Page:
Genres of Antiques for Rustic Décor
The Adirondack Museum Antiques Show & Sale, held every fall in Blue Mountain Lake, New York, is a perfect place (in an inspiring setting) for rustic home owners to find the types of antiques they favor.
On the last morning of the show this year, I had a little time to shoot photos in many of the booths to gather images of the array of antiques for sale. This selection is not exhaustive of the categories of antiques that we and other dealers seek and sell for rustic homes, but it represents some of the typical offerings at this long-running show in the Adirondacks.
The antiques show is held outdoors on the Museum grounds, which presents challenges for setting up booths that are evocative of the upscale indoor spaces that are the ultimate destinations for many of the antiques. Despite the potential wet grass, uneven terrain, low light, rain, dew and (sometimes hurricane force) winds, customers who know what they like can see past the conditions and home in on individual objects that catch their eye. So here is a sampling of things that caught my eye as representing popular categories of rustic décor.
Landscape paintings are a natural fit for rustic homes that are nestled into their own beautiful surroundings. Paintings of lakes and mountains, whether depicting an identifiable local region or simply evocative of one, are understandably popular in the Adirondacks.
Prints and Posters
Plants and animals can look almost as appealing in ink on paper as they do in real life.
There are all kinds of vintage trade, cottage, and roadside signs at the show, ranging in age from the 1890s to the 1970s. Their creative and quirky presence is a refreshing respite from the standardized, too-good-to-be-real reproductions found in gift shops throughout the Adirondacks.
Snow shoes vary widely in age and style, whether hand-made or manufactured. Older Native American snow shoes especially have aesthetic appeal, and can also have high value depending on their rarity, decoration, condition and historic importance.
Paddles with colorful paint, as well as those with sculptural forms such as Native American and Adirondack guide boat paddles, can make a striking decorative statement hanging on interior walls.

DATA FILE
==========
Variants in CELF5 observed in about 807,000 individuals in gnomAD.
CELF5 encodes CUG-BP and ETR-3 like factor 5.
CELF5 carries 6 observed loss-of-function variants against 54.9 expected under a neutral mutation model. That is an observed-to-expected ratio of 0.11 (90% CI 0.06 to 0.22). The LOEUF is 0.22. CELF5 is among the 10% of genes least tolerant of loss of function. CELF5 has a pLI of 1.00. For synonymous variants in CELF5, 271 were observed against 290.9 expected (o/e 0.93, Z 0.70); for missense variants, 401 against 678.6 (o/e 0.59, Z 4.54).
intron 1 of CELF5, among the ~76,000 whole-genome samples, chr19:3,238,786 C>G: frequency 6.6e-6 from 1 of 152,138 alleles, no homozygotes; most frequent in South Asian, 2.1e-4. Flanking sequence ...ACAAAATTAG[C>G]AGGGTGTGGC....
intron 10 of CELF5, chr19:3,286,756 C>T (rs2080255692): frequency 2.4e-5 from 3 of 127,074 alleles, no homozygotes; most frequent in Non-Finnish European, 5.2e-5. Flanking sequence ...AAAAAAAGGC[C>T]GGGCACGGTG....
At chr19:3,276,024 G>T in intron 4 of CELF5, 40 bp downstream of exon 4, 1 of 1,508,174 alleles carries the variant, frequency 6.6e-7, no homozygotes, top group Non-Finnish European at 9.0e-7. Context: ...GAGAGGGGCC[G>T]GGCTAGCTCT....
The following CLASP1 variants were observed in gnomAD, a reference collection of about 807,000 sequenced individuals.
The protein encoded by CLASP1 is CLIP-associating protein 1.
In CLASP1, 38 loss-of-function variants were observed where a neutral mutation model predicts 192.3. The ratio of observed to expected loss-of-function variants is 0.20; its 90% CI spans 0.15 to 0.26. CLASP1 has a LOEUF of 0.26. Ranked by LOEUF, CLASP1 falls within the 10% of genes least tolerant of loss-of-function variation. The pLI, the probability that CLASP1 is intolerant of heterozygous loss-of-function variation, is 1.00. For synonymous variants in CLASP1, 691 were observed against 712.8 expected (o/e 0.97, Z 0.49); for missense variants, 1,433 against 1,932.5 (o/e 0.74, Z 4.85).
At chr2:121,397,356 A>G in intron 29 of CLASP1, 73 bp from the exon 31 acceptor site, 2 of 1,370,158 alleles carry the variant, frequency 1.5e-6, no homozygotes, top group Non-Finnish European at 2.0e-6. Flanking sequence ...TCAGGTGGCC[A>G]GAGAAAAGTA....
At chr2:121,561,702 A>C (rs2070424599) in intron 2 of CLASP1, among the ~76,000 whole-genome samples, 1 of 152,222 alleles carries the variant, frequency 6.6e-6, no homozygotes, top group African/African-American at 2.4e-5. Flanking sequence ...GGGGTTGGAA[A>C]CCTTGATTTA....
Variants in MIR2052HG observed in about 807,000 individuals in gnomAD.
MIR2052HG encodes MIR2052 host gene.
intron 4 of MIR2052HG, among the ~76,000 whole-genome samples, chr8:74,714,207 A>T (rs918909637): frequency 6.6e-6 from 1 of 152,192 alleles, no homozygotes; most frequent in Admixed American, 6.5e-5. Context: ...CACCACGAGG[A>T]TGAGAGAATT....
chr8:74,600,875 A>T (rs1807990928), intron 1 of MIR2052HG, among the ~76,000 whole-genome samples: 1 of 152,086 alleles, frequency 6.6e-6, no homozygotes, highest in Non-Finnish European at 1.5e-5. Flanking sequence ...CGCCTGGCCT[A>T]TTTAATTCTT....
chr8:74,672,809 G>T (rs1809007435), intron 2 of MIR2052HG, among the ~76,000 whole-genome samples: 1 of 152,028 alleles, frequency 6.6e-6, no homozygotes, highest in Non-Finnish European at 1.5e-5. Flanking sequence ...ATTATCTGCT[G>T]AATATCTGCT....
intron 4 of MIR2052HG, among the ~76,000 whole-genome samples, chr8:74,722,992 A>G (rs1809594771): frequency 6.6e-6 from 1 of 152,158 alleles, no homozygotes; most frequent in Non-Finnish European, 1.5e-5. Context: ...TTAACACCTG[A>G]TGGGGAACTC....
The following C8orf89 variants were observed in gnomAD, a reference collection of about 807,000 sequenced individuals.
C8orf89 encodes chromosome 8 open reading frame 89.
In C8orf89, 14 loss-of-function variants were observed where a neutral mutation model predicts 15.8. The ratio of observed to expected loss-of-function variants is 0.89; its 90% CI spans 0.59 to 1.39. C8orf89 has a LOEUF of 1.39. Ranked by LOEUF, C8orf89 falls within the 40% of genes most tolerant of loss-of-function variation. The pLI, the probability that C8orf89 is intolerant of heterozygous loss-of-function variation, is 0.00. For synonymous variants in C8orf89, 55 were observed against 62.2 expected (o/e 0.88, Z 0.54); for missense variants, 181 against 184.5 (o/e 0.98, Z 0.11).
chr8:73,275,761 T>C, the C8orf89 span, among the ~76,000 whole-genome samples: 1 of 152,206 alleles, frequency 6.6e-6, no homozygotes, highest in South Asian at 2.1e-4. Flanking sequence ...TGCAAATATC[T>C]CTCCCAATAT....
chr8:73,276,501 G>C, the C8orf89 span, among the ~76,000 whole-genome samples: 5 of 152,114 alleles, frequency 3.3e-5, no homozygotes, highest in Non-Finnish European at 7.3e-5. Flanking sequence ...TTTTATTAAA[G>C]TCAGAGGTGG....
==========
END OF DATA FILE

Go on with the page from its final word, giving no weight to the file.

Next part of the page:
The muted hues and stylized geometric and floral designs of antique oriental carpets make an elegant base layer to set off rustic furnishings.
Traditional Adirondack Great Camps always included Native American art within their décor, and Navajo rugs with crisp geometrics and simple color schemes continue to be popular floor coverings for rustic abodes.
Hickory furniture is always well represented at this antiques show as it typically forms the core furnishings of great rooms, bedrooms and porches of rustic homes in the Adirondacks and all across the country.
Arts & Crafts
There has been a long tradition of mixing Arts & Crafts/Mission furniture with rustic furniture in Adirondack Great Camps, so that style can usually be found among the offerings at the show.
Comfortable seating that harmonizes with lodge aesthetics, such as French leather club chairs and ottomans, are another furniture option for buyers.
Surprisingly, one of the least common forms of furniture at the show tends to be early, one-of-a-kind rustic pieces, such as this circa 1920s table by Adirondack craftsman Lee Fountain. Unique rustic pieces have never been as prevalent in the antiques market as manufactured rustic furniture, but even at this specialized show they are becoming increasingly rare.
Some wild animal lovers are as happy to live with the creatures’ inanimate but life-like forms indoors as they are to see the living beings in the outdoors, so antiques dealers aim to please them.
Black Forest animal carvings are a good alternative for people who love being reminded of animals, but prefer them to be smaller than life-size for displaying inside their homes.
Another style of carving done in the late 19th and early 20th centuries in Europe and North America is notch carving, also known as tramp art. These accessories come in an amazing variety of forms including boxes and frames.
Colorful Indian-motif blankets add visual and tangible warmth to any room.
Hotel china decorated with the logos of old Adirondack resorts (including pieces that divers have retrieved from lake bottoms), as well as elegant porcelain accessories painted with nature themes, make stylish enhancements to rustic dining spaces.
Scaled-down versions of the full-sized components of rustic estates, such as boats and log cabins, have timeless appeal.
Fishing and Hunting Equipment
This category includes lures, reels, flies, creels and traps.
Ash splint pack baskets were the traditional carry-all for hikers, trappers, loggers and hermits in the Adirondacks and other northern regions. Outdoorsy types still use them as back packs, but they are now more commonly used for display.
Interior designers regard books as an important decorative element of rooms, but collectors value antique and vintage books for their substance as well. If you want to read about days-gone-by as well as live with the artifacts of those days, you can fill a library room or a single shelf with books about your local region, such as these rare Adirondack titles.
Although it is rewarding to exhibit at a show where people enthusiastically appreciate your aesthetic as a dealer, it is invariably the shoppers who have the most fun. Visitors to the Adirondack Museum Antiques Show have a once-a-year opportunity to make selections from each dealer’s specialty offerings, then put them all together in ways that bring personality, warmth, style and history into their own rustic homes.
Tags: rustic decor